Sure, there are learned scientific exhibits, and breathtaking artistic creations. But when the doors opened Thursday morning at the Marco Island Shell Club’s 34th annual Shell Show, the line of ladies, and a few gentlemen, headed straight to the sales tables. Over 150 members of the shell club have been laboring over a hot glue gun for months, creating floral arrangements, Christmas tree ornaments, whimsical animals, and even complete layer cakes, sliced open to show the interior, entirely out of seashells. For the next three days Thursday through Saturday, 10 a.m. to 4 p.m. the fellowship hall at the United Church of Marco on Barfield Drive will host thousands of shell enthusiasts going through the creations to pick and purchase their favorites.
It was “After Five,” but before Mutts & Martinis. The Marco Island Area Chamber of Commerce moved their monthly networking event up a week so as not to conflict with next week’s “dogs and drinks” affair at the Esplanade. They also moved up in the world, holding the After Five on the rooftop courtyard at the San Marco Road office of co-sponsor Mutual of Omaha Bank. It was, literally, “drinks on the house,” as not only the comestibles from Nacho Mama’s, but alcoholic beverages were provided free of charge to attendees. Why hold a chamber schmoozefest at a bank? Well, as noted bank robber Willie Sutton put it, “that’s where the money is.”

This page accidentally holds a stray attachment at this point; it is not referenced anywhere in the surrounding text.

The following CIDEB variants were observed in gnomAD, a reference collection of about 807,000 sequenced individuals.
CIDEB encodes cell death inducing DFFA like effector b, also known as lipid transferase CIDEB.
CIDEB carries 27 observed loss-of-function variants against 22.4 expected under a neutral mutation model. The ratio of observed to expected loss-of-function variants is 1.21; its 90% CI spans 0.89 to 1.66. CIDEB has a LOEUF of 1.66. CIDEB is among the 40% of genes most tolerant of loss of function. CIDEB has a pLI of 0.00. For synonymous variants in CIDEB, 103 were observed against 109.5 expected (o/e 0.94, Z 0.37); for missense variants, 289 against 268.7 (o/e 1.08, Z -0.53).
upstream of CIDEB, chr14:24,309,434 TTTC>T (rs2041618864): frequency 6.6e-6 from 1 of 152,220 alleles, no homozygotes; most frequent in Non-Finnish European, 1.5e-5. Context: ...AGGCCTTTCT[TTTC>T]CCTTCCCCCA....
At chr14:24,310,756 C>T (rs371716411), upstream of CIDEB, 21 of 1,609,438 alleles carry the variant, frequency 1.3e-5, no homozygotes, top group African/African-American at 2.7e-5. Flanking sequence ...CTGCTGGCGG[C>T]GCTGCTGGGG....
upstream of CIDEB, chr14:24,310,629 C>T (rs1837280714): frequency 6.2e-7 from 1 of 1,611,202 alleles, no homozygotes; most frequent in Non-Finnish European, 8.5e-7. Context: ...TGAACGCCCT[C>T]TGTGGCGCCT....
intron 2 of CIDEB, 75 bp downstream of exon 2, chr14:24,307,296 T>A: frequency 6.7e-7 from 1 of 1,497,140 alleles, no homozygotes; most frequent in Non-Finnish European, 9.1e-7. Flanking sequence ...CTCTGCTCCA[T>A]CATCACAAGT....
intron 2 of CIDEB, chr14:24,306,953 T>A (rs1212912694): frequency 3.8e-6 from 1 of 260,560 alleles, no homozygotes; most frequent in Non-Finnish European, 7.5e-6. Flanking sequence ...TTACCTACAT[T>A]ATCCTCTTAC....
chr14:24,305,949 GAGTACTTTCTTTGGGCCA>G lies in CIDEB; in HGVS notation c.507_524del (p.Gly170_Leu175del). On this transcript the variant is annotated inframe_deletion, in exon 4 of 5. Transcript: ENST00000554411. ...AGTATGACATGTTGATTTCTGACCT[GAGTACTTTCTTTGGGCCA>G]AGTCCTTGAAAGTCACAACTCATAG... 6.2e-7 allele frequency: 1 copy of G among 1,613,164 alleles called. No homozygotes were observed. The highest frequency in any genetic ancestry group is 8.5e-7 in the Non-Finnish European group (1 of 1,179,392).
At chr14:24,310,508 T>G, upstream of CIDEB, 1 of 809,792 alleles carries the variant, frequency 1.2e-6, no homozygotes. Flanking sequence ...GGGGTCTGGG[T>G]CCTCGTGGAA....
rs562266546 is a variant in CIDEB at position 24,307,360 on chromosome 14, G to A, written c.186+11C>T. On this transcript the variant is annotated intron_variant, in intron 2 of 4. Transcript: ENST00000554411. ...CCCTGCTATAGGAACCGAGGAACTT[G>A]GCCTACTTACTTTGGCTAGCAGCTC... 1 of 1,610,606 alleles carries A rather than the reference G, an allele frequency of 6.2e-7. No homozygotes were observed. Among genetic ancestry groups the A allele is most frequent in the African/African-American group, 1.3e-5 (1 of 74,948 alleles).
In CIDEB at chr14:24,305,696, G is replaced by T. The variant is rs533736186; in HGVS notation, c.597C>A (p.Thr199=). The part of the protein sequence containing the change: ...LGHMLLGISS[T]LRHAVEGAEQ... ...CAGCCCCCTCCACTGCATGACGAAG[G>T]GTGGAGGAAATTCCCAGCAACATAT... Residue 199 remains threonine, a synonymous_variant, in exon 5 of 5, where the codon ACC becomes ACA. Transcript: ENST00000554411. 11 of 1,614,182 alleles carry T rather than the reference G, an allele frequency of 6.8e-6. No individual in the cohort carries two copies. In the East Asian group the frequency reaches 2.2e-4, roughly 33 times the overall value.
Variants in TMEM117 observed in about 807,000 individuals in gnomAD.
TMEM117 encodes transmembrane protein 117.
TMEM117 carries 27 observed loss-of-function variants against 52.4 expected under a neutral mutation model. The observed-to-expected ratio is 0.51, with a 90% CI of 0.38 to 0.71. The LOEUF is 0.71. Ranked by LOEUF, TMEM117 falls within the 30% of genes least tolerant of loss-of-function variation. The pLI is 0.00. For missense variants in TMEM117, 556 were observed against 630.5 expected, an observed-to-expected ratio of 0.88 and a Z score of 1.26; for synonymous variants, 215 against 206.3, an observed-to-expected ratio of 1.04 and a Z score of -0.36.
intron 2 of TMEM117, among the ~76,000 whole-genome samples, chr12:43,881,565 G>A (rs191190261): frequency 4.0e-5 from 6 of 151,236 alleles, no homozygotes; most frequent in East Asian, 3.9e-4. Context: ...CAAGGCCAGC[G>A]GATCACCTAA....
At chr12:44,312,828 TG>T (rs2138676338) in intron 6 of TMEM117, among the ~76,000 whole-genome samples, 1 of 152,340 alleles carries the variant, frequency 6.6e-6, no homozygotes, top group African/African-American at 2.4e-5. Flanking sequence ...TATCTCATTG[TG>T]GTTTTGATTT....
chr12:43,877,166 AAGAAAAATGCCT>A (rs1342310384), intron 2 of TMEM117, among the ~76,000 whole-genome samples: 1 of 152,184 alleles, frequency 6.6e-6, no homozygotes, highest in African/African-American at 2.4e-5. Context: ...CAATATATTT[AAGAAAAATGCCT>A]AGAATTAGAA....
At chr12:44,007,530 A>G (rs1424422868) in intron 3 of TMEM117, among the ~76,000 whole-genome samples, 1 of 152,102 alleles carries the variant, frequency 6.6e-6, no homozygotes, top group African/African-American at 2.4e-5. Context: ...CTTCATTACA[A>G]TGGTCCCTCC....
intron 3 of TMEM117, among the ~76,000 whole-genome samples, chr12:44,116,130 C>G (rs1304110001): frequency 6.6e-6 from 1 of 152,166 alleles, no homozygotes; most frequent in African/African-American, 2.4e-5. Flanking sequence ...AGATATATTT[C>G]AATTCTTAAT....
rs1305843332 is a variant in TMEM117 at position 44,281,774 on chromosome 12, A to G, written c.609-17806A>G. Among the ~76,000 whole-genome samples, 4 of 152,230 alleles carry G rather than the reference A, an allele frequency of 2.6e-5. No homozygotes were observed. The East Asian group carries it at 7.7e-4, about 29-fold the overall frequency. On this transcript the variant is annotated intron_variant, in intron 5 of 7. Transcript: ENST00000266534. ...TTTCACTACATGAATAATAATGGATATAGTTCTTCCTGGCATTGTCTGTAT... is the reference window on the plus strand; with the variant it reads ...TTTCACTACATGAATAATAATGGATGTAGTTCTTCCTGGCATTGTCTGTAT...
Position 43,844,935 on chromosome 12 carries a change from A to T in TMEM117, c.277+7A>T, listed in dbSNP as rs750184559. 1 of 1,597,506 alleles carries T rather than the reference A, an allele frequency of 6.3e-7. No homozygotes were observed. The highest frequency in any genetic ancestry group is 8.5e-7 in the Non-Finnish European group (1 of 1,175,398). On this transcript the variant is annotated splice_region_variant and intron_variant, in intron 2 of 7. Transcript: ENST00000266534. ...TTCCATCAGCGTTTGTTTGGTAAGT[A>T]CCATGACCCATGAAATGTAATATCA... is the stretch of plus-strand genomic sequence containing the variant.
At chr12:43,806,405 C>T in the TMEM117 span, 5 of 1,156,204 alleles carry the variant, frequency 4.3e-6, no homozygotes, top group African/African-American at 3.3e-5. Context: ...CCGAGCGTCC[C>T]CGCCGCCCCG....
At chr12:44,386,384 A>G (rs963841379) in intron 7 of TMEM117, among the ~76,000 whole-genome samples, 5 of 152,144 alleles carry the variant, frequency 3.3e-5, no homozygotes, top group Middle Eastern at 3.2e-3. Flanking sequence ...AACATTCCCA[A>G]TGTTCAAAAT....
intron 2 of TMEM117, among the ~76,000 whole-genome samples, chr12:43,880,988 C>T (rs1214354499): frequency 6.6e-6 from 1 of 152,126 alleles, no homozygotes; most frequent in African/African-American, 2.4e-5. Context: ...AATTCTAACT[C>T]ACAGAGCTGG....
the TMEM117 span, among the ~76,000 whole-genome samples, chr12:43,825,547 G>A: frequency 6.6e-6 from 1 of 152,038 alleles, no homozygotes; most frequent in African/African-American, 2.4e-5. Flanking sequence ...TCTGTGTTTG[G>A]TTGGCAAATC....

There’s a method in their March marching madness. Marco Island traditionally holds its St. Patrick’s Day parade early, one week ahead of the massive St. Paddy’s parade in Naples, thereby allowing bands and floats to march in both. The Sons and Daughters of Erin’s St. Patrick’s Day Parade marched up Bald Eagle Drive on a gorgeous Sunday afternoon. Hundreds of spectators sat in the bright sun or sought the shade of trees along the parade route, with children dashing out to grab the candy tossed by the passing paraders.
It may not have been feeding the 5,000, but it wasn’t far from it. The first fish fry of the season was thronged Friday evening in the parish hall at San Marco Catholic Church. Over 900 diners came to be served by dozens of volunteers at the event put on by the Knights of Columbus San Marco Council, number 6344. If Henry Ford had invented the restaurant, it would have looked like this, with an assembly line technique making it possible to move the horde of patrons through the process, loading up with baked or fried fish, side dishes and beer or wine from the cash bar. City Councilman Joe Batte directed traffic, steering diners into the long rows of tables for maximum efficiency, and crews showed up on cue to offer ice cream for dessert, bus the tables and clean up for the next wave in the “fish factory.”
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